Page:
A new, stricter law on smoking is being introduced in Greece, Europe’s heaviest smoking nation.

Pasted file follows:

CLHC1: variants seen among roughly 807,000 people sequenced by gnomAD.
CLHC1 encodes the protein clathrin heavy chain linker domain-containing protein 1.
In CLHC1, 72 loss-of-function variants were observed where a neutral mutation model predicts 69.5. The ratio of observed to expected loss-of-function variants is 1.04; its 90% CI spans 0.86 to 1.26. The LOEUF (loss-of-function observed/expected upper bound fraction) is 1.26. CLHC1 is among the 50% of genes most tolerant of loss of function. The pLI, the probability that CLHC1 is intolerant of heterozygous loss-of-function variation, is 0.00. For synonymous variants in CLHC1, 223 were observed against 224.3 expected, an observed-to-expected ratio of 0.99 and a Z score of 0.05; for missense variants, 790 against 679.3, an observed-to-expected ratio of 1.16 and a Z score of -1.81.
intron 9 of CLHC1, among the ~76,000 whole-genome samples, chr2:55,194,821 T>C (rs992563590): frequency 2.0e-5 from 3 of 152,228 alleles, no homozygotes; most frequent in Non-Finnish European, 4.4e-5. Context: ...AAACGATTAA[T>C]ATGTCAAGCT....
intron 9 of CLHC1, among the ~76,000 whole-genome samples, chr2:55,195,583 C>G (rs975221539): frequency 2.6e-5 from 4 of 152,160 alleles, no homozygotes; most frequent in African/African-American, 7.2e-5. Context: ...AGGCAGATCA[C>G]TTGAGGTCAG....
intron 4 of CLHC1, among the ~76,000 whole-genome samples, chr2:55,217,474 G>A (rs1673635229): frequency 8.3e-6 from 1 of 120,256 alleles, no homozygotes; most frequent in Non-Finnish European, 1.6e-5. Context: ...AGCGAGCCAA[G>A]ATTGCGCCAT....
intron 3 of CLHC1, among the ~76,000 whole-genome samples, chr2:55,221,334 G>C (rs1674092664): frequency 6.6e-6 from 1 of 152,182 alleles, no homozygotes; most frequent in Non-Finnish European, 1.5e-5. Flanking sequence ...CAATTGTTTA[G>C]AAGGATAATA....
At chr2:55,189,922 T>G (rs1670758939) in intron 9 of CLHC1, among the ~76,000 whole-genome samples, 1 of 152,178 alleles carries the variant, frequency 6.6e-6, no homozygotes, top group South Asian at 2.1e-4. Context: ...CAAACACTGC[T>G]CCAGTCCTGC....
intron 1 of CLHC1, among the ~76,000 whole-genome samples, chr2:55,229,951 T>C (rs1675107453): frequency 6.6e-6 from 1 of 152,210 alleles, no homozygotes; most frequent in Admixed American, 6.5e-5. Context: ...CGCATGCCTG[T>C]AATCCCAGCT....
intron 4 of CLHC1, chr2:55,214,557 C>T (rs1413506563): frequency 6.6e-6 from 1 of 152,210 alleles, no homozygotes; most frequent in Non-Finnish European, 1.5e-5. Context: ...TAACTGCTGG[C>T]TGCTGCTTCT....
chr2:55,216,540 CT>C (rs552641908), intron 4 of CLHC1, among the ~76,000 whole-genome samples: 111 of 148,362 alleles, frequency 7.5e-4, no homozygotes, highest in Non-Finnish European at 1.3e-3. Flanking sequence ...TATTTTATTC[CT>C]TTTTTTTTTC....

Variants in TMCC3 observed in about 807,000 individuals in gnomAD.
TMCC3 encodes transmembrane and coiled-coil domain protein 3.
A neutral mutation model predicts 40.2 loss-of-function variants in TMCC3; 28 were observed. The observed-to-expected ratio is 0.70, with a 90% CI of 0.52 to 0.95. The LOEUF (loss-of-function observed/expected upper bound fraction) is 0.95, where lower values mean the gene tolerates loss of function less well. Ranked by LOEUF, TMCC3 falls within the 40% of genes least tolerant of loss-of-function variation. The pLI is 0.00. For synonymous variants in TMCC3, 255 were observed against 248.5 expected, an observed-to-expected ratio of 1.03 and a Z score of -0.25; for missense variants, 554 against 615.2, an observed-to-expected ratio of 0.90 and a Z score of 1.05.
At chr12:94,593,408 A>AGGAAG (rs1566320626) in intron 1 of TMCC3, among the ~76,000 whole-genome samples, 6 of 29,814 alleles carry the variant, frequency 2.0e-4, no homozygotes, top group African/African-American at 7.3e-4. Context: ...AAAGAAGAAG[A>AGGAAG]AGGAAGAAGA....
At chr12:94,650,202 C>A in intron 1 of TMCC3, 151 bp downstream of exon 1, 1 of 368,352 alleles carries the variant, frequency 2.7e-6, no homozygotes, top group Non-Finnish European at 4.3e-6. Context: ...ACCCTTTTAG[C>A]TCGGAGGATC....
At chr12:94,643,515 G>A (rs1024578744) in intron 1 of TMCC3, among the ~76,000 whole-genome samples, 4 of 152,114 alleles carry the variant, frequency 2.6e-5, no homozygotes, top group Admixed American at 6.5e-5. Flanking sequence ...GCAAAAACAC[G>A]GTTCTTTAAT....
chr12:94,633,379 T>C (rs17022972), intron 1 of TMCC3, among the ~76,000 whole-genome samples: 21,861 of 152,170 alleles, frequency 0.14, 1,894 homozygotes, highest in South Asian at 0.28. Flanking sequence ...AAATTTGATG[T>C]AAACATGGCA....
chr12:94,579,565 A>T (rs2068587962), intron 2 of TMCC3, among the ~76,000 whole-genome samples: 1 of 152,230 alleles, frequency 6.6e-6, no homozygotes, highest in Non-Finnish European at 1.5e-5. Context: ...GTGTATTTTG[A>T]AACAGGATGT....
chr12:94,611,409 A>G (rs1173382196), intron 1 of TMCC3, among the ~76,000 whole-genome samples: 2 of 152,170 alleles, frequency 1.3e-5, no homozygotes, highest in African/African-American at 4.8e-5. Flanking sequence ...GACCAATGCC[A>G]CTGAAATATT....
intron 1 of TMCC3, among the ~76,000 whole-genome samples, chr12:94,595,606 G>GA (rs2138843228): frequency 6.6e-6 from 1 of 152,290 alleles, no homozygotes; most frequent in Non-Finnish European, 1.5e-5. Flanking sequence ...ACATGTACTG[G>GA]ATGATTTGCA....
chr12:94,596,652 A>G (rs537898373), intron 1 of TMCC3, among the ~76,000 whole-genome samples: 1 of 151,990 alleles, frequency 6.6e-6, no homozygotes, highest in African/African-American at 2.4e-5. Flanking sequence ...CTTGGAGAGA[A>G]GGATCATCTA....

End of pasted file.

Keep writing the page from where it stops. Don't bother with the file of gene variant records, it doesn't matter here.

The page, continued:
Lighting up in hospitals, schools, vehicles and all public places is now banned. Until now, legislation introduced in 2002 restricting smoking areas had been widely ignored. One cigarette kiosk owner said: “It’s a positive measure. It’s all a matter of habit, as long as it’s enforced.” Some 42 percent of the Greek population smokes and 20,000 people a year die from cigarette-related diseases, which cost the health ministry more than two billon euros. According to their size, restaurants, bars and cafes must either provide a smoking space, or decide whether they are smoking or non-smoking. It remains to be seen whether the Greeks, many of whom perceive it as an infringement on their civil liberties, will abide by the new legislation. “Greeks in general don’t like to be told what to do,” said non-smoker Marios Gartaganis. “They are also very lax about rules and regulations. In hospitals, there’s been a non-smoking ban for years and yet people smoke in hospitals.” At around three euros a packet, cigarettes in Greece remain cheaper than in most other EU countries. However, the government hopes fines of up to 2,000 euros will dissuade both smokers and cafe owners from breaking the new law.